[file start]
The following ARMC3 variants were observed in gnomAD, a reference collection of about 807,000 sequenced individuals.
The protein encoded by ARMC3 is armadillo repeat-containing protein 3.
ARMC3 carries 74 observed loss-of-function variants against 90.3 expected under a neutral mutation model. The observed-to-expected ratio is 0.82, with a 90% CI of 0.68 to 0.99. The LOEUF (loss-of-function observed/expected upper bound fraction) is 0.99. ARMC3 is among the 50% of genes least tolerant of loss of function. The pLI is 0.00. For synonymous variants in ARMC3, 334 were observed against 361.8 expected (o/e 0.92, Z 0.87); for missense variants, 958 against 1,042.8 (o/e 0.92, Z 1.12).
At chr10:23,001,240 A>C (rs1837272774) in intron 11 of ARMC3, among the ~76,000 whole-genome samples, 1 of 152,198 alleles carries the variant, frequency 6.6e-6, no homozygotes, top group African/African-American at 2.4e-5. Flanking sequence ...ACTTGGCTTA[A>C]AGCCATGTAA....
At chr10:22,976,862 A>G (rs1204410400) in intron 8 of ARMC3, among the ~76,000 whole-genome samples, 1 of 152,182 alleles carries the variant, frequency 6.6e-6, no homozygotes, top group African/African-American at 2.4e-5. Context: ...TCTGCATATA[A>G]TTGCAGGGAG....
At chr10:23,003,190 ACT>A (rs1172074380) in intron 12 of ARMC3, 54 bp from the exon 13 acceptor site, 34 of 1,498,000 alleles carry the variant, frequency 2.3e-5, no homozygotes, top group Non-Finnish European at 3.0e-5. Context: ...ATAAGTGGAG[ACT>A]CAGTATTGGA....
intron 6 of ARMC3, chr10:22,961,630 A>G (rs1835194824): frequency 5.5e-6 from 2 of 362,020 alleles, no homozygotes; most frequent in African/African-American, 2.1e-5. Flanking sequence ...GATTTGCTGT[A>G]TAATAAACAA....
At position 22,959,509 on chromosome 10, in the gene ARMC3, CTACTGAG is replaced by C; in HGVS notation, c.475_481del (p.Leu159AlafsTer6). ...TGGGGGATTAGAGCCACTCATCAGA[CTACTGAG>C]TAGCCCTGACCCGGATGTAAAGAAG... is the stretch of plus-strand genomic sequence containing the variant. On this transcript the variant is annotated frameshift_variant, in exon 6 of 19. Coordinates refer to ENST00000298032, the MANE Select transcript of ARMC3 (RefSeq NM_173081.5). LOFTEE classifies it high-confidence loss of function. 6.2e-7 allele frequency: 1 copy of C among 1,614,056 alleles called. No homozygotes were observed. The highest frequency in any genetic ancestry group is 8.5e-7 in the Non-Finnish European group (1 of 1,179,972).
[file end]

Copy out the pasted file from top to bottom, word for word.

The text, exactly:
The following ARMC3 variants were observed in gnomAD, a reference collection of about 807,000 sequenced individuals.
The protein encoded by ARMC3 is armadillo repeat-containing protein 3.
ARMC3 carries 74 observed loss-of-function variants against 90.3 expected under a neutral mutation model. The observed-to-expected ratio is 0.82, with a 90% CI of 0.68 to 0.99. The LOEUF (loss-of-function observed/expected upper bound fraction) is 0.99. ARMC3 is among the 50% of genes least tolerant of loss of function. The pLI is 0.00. For synonymous variants in ARMC3, 334 were observed against 361.8 expected (o/e 0.92, Z 0.87); for missense variants, 958 against 1,042.8 (o/e 0.92, Z 1.12).
At chr10:23,001,240 A>C (rs1837272774) in intron 11 of ARMC3, among the ~76,000 whole-genome samples, 1 of 152,198 alleles carries the variant, frequency 6.6e-6, no homozygotes, top group African/African-American at 2.4e-5. Flanking sequence ...ACTTGGCTTA[A>C]AGCCATGTAA....
At chr10:22,976,862 A>G (rs1204410400) in intron 8 of ARMC3, among the ~76,000 whole-genome samples, 1 of 152,182 alleles carries the variant, frequency 6.6e-6, no homozygotes, top group African/African-American at 2.4e-5. Context: ...TCTGCATATA[A>G]TTGCAGGGAG....
At chr10:23,003,190 ACT>A (rs1172074380) in intron 12 of ARMC3, 54 bp from the exon 13 acceptor site, 34 of 1,498,000 alleles carry the variant, frequency 2.3e-5, no homozygotes, top group Non-Finnish European at 3.0e-5. Context: ...ATAAGTGGAG[ACT>A]CAGTATTGGA....
intron 6 of ARMC3, chr10:22,961,630 A>G (rs1835194824): frequency 5.5e-6 from 2 of 362,020 alleles, no homozygotes; most frequent in African/African-American, 2.1e-5. Flanking sequence ...GATTTGCTGT[A>G]TAATAAACAA....
At position 22,959,509 on chromosome 10, in the gene ARMC3, CTACTGAG is replaced by C; in HGVS notation, c.475_481del (p.Leu159AlafsTer6). ...TGGGGGATTAGAGCCACTCATCAGA[CTACTGAG>C]TAGCCCTGACCCGGATGTAAAGAAG... is the stretch of plus-strand genomic sequence containing the variant. On this transcript the variant is annotated frameshift_variant, in exon 6 of 19. Coordinates refer to ENST00000298032, the MANE Select transcript of ARMC3 (RefSeq NM_173081.5). LOFTEE classifies it high-confidence loss of function. 6.2e-7 allele frequency: 1 copy of C among 1,614,056 alleles called. No homozygotes were observed. The highest frequency in any genetic ancestry group is 8.5e-7 in the Non-Finnish European group (1 of 1,179,972).